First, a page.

Sandra Ramos is of a generation of Havana artists who refer to the dream and reality of exile and the emotional scarring and loss of family ties and friendship as a result of the continuing flow of refugees from Cuba. She portrays herself in much of her work as a Cuban Pioneer Girl (Cuba’s version of the Girl Scouts). Like Rembrandt and Van Gogh, she uses the genre of self-portraiture for the expression of personal anguish.
Her work is a reflection on Cuba as an island. “Water.” Ramos has said, “is a naturally determining element in the destinies of my country.” She considers the shipwreck a recurrent theme in contemporary society: “Physical shipwreck, sentimental shipwreck, economic shipwreck, political shipwreck.”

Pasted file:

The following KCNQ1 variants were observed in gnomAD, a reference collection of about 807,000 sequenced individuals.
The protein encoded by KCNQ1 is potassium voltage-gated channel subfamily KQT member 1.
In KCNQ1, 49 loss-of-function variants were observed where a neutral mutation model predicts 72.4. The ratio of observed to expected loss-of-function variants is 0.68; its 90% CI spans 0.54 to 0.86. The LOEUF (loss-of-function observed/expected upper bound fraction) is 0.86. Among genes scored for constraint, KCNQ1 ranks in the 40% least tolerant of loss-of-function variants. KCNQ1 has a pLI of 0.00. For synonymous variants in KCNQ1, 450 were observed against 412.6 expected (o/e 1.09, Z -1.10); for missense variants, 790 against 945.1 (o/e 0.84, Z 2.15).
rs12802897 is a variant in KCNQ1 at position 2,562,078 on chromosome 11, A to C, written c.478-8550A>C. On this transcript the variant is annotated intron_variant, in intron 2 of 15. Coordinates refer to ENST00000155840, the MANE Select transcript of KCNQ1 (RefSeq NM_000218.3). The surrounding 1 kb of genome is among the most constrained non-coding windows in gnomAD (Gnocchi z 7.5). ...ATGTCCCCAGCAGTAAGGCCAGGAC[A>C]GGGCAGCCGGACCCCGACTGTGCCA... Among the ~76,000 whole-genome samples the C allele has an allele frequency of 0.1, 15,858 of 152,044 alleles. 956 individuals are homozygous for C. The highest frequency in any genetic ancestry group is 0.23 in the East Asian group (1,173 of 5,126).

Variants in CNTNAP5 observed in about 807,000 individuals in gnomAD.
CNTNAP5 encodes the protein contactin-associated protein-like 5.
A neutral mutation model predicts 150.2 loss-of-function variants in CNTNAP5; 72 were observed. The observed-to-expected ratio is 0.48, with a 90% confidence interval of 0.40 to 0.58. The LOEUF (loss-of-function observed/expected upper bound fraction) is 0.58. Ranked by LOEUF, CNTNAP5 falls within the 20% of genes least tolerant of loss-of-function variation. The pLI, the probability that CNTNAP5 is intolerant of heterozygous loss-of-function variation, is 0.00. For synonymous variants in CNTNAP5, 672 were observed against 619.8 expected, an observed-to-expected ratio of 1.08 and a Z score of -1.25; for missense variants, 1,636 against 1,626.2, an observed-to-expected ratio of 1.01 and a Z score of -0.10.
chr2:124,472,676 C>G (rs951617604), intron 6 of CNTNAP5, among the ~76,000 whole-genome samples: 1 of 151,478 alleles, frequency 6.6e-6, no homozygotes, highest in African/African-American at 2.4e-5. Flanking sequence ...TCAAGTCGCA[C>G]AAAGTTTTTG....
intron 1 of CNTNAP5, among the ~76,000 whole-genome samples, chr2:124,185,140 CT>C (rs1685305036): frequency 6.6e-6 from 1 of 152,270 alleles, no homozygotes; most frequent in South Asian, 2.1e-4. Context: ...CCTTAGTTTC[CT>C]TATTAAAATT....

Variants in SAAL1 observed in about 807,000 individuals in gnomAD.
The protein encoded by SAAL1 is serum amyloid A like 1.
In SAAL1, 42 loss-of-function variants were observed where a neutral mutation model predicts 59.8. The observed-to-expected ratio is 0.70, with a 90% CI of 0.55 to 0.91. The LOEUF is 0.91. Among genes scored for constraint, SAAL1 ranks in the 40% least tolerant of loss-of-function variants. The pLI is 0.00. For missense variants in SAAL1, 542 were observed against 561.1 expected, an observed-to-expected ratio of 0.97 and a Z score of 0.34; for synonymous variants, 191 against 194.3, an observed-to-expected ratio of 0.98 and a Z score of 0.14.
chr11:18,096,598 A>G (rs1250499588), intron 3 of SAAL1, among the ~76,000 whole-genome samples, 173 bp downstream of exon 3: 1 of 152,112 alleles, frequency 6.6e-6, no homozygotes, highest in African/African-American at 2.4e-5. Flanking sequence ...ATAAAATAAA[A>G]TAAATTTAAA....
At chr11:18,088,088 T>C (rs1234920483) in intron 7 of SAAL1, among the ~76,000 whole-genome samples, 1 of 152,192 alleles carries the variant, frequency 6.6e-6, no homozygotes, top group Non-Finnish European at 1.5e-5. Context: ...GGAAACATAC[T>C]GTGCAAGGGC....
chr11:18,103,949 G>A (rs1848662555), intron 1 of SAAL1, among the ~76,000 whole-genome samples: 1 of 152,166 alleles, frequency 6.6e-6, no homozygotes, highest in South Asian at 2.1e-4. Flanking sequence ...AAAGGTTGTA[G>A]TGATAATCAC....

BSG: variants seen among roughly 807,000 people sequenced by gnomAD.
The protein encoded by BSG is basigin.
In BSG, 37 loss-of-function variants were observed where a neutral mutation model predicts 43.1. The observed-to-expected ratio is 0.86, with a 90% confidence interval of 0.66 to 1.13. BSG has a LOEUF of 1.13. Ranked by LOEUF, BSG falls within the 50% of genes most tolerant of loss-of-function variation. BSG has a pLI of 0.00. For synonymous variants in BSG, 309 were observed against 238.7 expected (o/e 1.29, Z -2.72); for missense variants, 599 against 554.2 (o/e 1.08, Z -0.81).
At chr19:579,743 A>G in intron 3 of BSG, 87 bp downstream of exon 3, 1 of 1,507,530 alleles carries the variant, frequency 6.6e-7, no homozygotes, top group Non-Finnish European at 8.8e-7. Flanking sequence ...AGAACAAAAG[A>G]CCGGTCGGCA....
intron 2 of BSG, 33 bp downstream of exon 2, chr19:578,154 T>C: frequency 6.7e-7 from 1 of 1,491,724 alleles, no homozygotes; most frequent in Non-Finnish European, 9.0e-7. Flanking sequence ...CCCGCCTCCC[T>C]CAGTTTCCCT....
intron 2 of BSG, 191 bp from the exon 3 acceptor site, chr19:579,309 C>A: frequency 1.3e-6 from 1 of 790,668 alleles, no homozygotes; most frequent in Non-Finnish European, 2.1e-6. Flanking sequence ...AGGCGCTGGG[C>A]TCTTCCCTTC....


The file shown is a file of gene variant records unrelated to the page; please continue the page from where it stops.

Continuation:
Born in 1969, Ramos was educated at Havana’s Superior Institute of Art. She has received scholarships and residencies in the US, Japan, England and Italy, and participated in conferences about her art and about Cuban art in institutions and universities in Cuba, England, France, Spain, Japan, Mexico, Venezuela and the US.
Her work has been reproduced in numerous books, catalogs, and magazines. Ramos lives and works in Havana, Cuba.